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Maintain a Remote Working Schedule & Routine for Telecommuting Awesomeness

By Angelica Fierro on

The coronavirus pandemic has turned nearly every facet of life upside down. Like it or not, there really is no “normal” anymore, at least for the time being. But for people accustomed to a daily office routine, the sudden immersion in the work-from-home waters can be especially jarring. And that’s not good.

So what’s a team to do when they’re suddenly working from home without much time to prepare? As I’m about to explain in this third part of our series for remote workers, establishing parameters and a daily routine are essential to maintaining productivity and avoiding the classic remote work pitfalls. So stick around as I dispense some of our patented Caver insights, this time with some insider tips on making the most of your virtual office days.

Read Next: Critical Tools & Tech for Companies New to Remote Working

Wake Up With a Mission

There’s an ancient proverb that’s just as relevant today as it was 2,000 years ago – working in your Fruit of the Looms is like running in quicksand. Okay, I totally made that up, but it makes sense, right? Yes, the thought of not having to put on the dreaded office attire and commute into work is pretty alluring, but there’s both a psychological and biological component to our daily rituals – wake up (relatively) early, take a shower, eat breakfast, read the news, get dressed, pet the dog, walk out the door. It’s kind of our thing as humans.

Granted, the very definition of “work” has changed quite a bit in recent years, driven by the emergence of the gig economy, technology, and self-starting freelancers. But that doesn’t change the fact that we, as a species, need structure. We need to wake up every morning with a mission to accomplish, and that’s where things often go sideways for remote working noobs.

That said, if you’re a telecommuting greenhorn, my suggestion is to abide by a relatively strict morning ritual and work schedule, mimicking the one you’ve already been doing for years.

  • Set your alarm for a reasonable hour, maybe 7(ish) am or so
  • Take your shower, eat a healthy breakfast, read the news for a bit (if you can bear to)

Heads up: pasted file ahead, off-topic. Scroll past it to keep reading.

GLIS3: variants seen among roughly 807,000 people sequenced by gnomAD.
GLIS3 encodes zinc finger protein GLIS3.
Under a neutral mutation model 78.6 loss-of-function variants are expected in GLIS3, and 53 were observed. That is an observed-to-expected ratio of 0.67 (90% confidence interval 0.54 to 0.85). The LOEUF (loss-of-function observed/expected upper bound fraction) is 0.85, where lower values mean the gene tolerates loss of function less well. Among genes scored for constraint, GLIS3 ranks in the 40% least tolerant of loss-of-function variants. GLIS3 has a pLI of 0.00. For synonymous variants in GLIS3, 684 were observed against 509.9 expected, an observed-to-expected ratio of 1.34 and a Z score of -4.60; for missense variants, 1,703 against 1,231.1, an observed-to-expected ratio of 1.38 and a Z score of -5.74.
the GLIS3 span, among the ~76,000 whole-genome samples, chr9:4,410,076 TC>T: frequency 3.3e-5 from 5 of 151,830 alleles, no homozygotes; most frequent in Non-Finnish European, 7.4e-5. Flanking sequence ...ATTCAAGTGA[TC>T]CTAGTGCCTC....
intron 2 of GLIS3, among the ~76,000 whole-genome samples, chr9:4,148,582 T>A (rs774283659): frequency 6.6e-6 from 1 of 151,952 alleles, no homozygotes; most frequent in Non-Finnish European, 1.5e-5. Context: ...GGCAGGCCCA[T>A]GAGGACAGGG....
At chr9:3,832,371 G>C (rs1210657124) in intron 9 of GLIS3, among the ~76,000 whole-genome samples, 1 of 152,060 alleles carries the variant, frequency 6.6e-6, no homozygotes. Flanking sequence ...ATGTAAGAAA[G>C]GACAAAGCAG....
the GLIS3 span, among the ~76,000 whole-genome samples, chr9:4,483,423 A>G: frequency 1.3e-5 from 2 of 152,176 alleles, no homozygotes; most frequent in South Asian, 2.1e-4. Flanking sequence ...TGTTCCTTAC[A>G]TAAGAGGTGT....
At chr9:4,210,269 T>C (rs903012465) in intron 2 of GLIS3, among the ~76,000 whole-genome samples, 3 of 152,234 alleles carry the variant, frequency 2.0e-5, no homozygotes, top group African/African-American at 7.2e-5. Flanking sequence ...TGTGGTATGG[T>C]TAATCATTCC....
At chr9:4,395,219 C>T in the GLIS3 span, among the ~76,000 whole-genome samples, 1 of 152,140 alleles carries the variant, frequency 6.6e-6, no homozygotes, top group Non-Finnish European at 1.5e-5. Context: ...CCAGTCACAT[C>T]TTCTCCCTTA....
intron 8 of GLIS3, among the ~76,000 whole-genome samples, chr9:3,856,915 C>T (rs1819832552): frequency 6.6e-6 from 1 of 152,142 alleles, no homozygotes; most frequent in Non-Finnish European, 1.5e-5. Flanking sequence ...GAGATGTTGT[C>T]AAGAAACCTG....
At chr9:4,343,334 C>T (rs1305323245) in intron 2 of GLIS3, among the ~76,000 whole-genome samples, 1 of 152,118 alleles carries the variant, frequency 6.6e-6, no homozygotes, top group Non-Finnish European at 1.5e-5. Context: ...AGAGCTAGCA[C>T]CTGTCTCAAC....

• Get dressed for “work”
  • Kick some productivity rear-end

Does this require a fairly high degree of self-discipline? Yesiree. But it’s important to look at a workday from home like any other workday. In other words, from a purely mental perspective, treat it as if you were still commuting to the office, sitting in your normal office environment, taking a lunch break, and everything else a typical workday might include – with a few crucial caveats, mind you.

The 800-Pound Rona Gorilla Sitting in Your Living Room

My point thus far has been to wake up and conduct your day with a purpose in mind, even if you and your team are now using a virtual office model that might seem quite foreign to you. However, as I said up top, things aren’t normal right now, and to ignore what’s triggering the need for people to telecommute en masse isn’t necessarily healthy or well-advised.

Ultimately, it’s up to you as an individual to find a balance between productivity and self-care. I’m not suggesting you pretend that the world isn’t a strange, scary, even overwhelming place right now. And if that means taking a few more breaks for yoga, meditation, Swedish death metal, or whatever floats your boat, then so be it. 

Maintaining boundaries is just as important for the evening hours as it is for your morning ritual.

Also, maintaining boundaries is just as important for the evening hours as it is for your morning ritual. In other words, assuming you’re able to be productive throughout the day, don’t work at night if you wouldn’t otherwise. Just because you’re living the quarantine life at the moment doesn’t mean that you should sacrifice a healthy work-life balance with never-ending work hours. Walk away from the laptop at 4 or 5 pm, grab a cold one out of the fridge, and unwind. Maintaining a buffer between your work and personal life is still essential.

Protect Your Culture & Avoid Burnout

Lastly, as I said when discussing technology for remote employees, take full advantage of tools like Slack, Zoom, Skype, Trello, video conferencing software, and other handy solutions. Not only will these help you get your actual work done but, just as importantly, let you catch up and check in with your team members, even if you're time zones away from one another. Maintaining your company's culture and camaraderie is vital, especially when you're no longer sharing the same office space.

So take these pointers and develop your own schedule, using them as a foundation to make the best of every day in your home office. Because, believe it or not, it’s just as easy to burn-out while remote working as it is during a more normal routine, perhaps even more so given the unrelenting COVID-19 nightmare surrounding us all.

In a few weeks, I’ll take a deeper dive into specific productivity and culture-building tips while working from home, but, for now, concentrate on finding a balance, developing a remote work schedule and routine, and sticking to them. And if you, your newly remote team, or business have any inbound marketing needs, website design issues, or want to use these strange times as an opportunity to reinvent your branding and messaging, Creative Cave is at the ready.

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